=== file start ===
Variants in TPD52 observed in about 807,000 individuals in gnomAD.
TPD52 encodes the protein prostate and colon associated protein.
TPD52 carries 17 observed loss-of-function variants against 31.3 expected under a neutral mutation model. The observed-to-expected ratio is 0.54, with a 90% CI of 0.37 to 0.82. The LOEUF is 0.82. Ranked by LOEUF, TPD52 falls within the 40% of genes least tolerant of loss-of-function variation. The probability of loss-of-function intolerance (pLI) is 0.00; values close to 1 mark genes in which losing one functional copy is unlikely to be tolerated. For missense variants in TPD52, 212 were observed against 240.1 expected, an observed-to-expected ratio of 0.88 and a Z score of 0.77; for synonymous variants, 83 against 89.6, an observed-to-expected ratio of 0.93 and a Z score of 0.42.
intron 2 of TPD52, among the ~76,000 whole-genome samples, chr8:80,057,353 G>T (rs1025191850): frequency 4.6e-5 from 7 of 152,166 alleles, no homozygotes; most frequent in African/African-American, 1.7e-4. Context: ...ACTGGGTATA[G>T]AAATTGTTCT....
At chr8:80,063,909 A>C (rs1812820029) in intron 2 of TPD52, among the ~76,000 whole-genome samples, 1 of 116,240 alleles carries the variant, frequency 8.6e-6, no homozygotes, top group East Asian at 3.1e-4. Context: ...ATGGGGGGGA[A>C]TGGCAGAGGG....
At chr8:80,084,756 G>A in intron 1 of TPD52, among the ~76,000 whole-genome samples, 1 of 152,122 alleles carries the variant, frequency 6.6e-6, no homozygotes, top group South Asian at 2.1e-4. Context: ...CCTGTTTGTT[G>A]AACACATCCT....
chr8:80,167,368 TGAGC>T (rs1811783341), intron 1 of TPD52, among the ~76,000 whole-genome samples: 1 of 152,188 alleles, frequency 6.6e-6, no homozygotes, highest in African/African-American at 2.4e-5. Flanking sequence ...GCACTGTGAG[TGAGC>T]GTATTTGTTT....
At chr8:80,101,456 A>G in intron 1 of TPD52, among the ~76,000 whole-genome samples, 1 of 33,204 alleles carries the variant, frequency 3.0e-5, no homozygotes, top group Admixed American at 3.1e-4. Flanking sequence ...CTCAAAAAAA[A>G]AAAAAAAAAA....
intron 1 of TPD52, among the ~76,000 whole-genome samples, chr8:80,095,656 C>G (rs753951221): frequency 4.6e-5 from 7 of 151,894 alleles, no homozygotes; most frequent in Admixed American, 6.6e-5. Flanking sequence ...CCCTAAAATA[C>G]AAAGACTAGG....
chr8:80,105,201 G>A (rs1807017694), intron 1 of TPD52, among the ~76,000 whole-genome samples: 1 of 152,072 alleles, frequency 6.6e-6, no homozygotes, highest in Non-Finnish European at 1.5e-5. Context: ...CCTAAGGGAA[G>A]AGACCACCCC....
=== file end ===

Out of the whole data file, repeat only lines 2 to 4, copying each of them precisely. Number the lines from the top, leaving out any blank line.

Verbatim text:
TPD52 encodes the protein prostate and colon associated protein.
TPD52 carries 17 observed loss-of-function variants against 31.3 expected under a neutral mutation model. The observed-to-expected ratio is 0.54, with a 90% CI of 0.37 to 0.82. The LOEUF is 0.82. Ranked by LOEUF, TPD52 falls within the 40% of genes least tolerant of loss-of-function variation. The probability of loss-of-function intolerance (pLI) is 0.00; values close to 1 mark genes in which losing one functional copy is unlikely to be tolerated. For missense variants in TPD52, 212 were observed against 240.1 expected, an observed-to-expected ratio of 0.88 and a Z score of 0.77; for synonymous variants, 83 against 89.6, an observed-to-expected ratio of 0.93 and a Z score of 0.42.
intron 2 of TPD52, among the ~76,000 whole-genome samples, chr8:80,057,353 G>T (rs1025191850): frequency 4.6e-5 from 7 of 152,166 alleles, no homozygotes; most frequent in African/African-American, 1.7e-4. Context: ...ACTGGGTATA[G>T]AAATTGTTCT....